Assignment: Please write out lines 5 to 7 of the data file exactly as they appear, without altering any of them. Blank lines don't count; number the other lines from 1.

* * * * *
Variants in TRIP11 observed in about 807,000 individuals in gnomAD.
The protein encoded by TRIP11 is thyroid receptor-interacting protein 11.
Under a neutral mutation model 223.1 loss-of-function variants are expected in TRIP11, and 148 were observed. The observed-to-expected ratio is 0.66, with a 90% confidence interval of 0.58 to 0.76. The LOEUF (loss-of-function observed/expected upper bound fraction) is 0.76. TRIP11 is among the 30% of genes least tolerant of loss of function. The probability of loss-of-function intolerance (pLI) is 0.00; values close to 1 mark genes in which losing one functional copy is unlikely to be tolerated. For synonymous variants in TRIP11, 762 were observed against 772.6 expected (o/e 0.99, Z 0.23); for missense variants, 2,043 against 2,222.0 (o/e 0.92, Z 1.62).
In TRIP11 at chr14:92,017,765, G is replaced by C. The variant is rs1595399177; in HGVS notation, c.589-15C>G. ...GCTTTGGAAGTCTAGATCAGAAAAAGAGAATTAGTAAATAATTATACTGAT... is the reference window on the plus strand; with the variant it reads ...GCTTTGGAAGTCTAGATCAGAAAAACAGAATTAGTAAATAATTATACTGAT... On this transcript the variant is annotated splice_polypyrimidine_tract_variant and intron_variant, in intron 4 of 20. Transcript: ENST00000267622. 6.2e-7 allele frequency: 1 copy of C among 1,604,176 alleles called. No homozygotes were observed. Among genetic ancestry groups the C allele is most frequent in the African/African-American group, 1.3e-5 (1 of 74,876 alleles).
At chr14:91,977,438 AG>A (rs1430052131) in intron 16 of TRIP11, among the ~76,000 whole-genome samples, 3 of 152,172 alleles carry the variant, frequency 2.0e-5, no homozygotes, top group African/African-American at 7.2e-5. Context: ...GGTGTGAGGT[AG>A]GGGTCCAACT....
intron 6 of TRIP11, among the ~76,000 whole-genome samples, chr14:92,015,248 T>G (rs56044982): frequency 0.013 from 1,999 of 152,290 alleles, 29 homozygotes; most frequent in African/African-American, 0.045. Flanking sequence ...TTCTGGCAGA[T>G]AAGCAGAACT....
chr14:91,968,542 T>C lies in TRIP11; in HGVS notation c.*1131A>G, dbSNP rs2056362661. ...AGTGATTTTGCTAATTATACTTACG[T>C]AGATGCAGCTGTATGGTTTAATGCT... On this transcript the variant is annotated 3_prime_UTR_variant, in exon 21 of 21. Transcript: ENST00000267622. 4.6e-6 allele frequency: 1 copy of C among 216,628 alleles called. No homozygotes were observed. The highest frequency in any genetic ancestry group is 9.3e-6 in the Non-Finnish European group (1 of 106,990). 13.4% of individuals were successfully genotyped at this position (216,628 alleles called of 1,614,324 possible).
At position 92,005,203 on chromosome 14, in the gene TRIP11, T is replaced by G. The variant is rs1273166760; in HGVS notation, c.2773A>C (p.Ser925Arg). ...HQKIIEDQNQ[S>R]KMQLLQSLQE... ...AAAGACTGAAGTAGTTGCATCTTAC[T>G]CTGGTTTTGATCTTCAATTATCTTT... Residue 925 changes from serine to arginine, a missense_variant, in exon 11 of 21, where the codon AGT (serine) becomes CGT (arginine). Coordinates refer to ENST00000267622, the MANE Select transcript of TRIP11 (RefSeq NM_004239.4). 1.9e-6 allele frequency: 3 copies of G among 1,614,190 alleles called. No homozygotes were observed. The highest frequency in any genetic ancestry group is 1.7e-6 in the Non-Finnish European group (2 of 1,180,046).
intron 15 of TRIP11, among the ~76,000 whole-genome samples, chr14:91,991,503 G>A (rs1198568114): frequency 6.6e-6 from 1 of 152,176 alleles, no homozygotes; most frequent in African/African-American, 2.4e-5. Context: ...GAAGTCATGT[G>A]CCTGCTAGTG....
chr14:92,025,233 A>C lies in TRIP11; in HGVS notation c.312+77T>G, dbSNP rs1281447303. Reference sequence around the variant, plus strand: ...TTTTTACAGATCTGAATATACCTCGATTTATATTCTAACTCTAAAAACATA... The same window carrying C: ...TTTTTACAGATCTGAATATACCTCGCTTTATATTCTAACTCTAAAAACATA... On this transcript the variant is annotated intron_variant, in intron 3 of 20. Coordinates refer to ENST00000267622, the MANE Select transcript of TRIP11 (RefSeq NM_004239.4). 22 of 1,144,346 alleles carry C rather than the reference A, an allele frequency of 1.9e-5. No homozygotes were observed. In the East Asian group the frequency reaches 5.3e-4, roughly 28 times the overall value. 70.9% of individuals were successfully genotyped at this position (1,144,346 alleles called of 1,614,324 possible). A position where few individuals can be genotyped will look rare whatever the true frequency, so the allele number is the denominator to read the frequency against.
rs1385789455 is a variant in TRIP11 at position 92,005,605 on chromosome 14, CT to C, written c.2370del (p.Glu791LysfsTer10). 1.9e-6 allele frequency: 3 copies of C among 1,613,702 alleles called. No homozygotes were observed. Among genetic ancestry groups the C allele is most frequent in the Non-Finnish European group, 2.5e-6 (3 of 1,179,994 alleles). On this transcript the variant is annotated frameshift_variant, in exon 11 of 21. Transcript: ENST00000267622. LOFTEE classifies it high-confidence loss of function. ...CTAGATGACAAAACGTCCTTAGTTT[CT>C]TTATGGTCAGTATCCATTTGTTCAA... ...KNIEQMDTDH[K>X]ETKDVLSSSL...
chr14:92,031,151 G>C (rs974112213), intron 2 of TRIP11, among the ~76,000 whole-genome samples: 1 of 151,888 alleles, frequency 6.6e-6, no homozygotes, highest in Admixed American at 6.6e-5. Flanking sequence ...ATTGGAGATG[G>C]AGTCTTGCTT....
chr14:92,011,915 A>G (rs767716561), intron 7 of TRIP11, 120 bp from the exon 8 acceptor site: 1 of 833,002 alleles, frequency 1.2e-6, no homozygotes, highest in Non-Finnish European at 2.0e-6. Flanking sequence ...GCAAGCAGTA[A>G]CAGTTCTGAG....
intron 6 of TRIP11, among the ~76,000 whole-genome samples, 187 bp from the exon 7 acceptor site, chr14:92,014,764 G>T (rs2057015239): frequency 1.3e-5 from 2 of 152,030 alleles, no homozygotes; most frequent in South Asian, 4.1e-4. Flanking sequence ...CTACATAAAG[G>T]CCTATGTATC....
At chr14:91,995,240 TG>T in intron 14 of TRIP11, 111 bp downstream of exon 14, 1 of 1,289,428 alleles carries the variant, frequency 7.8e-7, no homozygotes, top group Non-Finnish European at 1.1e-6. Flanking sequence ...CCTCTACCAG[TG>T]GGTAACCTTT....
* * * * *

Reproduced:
At chr14:91,977,438 AG>A (rs1430052131) in intron 16 of TRIP11, among the ~76,000 whole-genome samples, 3 of 152,172 alleles carry the variant, frequency 2.0e-5, no homozygotes, top group African/African-American at 7.2e-5. Context: ...GGTGTGAGGT[AG>A]GGGTCCAACT....
intron 6 of TRIP11, among the ~76,000 whole-genome samples, chr14:92,015,248 T>G (rs56044982): frequency 0.013 from 1,999 of 152,290 alleles, 29 homozygotes; most frequent in African/African-American, 0.045. Flanking sequence ...TTCTGGCAGA[T>G]AAGCAGAACT....
chr14:91,968,542 T>C lies in TRIP11; in HGVS notation c.*1131A>G, dbSNP rs2056362661. ...AGTGATTTTGCTAATTATACTTACG[T>C]AGATGCAGCTGTATGGTTTAATGCT... On this transcript the variant is annotated 3_prime_UTR_variant, in exon 21 of 21. Transcript: ENST00000267622. 4.6e-6 allele frequency: 1 copy of C among 216,628 alleles called. No homozygotes were observed. The highest frequency in any genetic ancestry group is 9.3e-6 in the Non-Finnish European group (1 of 106,990). 13.4% of individuals were successfully genotyped at this position (216,628 alleles called of 1,614,324 possible).